The Economics of Sustainable Buildings

If enough planning goes into a building, some of the associated green costs can be minimized. (Photo: Mike [CC BY-SA 2.0]/Flickr)

One of the main impediments to green building, in my opinion, is the cost factor. Project managers, building owners, investors and others may feel that sustainable building costs too much, especially in the middle of an economic recession. However, a new report from CB Richard Ellis, a multi-national real estate services firm, looks at the financial aspect of building green. The report, Who Pays for Green? The Economics of Sustainable Buildings (PDF), is available at no charge from the CB Richard Ellis (CBRE) website.

The CBRE white paper states that preliminary studies show that building a property to receive basic LEED certification can be achieved with zero additional cost. “However, building a greener building – designed to achieve one of the higher standards of accreditation – is likely to add somewhere between 5 percent and 7.5 percent to construction costs.” Source: CBRE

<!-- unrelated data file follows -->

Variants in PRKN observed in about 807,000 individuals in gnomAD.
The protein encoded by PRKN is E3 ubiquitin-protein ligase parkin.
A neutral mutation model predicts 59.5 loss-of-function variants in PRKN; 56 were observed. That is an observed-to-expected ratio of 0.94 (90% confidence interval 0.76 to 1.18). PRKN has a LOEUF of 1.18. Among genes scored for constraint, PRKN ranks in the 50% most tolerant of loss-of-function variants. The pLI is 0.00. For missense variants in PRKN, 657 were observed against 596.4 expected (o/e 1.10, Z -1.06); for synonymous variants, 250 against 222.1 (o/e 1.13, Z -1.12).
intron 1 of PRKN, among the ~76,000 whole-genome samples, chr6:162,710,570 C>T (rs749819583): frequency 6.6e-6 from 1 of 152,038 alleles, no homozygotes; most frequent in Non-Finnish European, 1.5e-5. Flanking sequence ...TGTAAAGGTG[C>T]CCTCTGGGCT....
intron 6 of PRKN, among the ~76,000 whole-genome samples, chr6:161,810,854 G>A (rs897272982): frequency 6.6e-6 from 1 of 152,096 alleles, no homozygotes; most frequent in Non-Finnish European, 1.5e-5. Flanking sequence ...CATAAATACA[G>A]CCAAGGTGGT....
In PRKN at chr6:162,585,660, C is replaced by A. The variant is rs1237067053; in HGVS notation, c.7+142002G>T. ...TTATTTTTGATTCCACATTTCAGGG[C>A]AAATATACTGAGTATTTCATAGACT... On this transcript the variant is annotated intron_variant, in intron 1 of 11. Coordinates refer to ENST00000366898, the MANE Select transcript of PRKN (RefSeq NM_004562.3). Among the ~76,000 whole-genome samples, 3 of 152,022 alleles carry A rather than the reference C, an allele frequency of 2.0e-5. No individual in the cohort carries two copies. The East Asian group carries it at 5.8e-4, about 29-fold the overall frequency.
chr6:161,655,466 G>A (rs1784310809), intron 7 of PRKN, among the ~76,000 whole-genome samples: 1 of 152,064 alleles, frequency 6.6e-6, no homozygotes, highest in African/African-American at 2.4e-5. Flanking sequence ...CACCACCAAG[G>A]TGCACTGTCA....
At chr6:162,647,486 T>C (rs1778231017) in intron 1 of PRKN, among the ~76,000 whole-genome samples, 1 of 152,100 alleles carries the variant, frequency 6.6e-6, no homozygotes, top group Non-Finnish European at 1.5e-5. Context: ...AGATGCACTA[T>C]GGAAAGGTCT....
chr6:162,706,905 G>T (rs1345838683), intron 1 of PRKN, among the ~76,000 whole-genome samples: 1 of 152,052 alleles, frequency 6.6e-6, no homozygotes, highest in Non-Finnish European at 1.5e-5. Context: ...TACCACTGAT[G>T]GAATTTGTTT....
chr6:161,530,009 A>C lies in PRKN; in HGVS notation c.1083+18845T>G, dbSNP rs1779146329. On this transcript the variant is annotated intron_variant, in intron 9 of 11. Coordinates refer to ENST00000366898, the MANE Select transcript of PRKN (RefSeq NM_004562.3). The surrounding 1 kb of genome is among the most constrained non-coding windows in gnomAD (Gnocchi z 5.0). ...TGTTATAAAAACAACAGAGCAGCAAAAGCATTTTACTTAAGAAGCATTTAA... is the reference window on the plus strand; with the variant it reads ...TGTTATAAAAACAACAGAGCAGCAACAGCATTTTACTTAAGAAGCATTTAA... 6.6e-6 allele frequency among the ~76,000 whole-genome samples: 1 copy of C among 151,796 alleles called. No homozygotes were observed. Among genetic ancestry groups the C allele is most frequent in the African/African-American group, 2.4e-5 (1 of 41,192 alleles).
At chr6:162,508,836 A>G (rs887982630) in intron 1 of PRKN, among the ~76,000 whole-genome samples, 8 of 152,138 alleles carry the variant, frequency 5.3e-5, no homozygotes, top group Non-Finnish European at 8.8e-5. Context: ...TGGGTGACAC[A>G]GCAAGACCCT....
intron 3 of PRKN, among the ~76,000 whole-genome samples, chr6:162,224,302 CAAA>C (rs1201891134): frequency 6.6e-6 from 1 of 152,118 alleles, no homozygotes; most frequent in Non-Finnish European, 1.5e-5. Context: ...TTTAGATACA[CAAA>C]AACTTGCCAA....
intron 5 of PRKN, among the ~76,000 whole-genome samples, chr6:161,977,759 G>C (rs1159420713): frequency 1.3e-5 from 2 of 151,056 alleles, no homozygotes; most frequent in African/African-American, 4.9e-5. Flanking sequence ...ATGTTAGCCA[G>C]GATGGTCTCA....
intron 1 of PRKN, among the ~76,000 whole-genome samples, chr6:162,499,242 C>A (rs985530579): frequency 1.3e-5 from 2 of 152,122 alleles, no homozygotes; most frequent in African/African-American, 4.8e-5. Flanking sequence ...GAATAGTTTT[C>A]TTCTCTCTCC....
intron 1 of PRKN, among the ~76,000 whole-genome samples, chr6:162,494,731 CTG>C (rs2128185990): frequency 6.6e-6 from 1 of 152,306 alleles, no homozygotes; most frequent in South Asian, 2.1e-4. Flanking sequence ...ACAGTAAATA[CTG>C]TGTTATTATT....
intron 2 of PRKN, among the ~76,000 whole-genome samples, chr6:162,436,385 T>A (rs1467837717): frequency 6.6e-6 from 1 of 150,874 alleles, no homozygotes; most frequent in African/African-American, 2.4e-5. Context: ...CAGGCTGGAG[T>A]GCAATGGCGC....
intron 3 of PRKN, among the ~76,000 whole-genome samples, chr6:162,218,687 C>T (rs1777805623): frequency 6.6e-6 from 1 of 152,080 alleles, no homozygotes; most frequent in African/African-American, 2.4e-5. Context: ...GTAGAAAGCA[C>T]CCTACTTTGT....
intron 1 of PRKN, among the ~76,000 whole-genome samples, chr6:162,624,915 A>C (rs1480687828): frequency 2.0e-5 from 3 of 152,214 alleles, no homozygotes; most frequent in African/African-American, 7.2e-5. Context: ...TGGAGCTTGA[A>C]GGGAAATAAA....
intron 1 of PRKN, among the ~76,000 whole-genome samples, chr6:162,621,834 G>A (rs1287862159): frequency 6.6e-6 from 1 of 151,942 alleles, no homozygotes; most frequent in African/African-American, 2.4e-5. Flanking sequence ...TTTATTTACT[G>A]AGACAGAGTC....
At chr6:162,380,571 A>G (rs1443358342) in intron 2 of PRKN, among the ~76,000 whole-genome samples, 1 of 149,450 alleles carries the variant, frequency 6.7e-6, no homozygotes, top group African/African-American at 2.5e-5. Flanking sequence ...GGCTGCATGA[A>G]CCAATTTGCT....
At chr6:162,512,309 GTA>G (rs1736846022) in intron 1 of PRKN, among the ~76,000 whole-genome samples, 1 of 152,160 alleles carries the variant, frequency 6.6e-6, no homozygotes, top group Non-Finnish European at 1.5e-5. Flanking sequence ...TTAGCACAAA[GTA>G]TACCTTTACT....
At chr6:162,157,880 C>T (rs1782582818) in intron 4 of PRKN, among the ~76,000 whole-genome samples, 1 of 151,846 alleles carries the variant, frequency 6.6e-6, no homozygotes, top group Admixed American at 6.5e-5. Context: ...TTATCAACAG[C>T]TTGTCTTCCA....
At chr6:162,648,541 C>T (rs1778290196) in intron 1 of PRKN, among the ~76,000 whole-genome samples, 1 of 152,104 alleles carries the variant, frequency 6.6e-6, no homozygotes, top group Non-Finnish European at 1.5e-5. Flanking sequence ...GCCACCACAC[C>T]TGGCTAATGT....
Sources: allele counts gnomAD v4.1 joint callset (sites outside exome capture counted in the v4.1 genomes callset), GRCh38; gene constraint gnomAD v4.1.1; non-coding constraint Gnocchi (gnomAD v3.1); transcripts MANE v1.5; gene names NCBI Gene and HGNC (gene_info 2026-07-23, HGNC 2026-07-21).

The report shows that adequate planning can help mitigate some of the additional costs. If a building or renovation is designed from the ground up with sustainability in mind, the overall cost of the green upgrades may be lower and the final energy efficiency results are likely to be better.

CBRE also addresses the big question – does LEED certification (or other green building recognition) add value to a property? The short answer is yes, green upgrades can add value to a building. The report shows that energy-efficient commercial property owners can demand a higher initial rental rate, realize higher rental rate growth, and can even demand a higher sales price.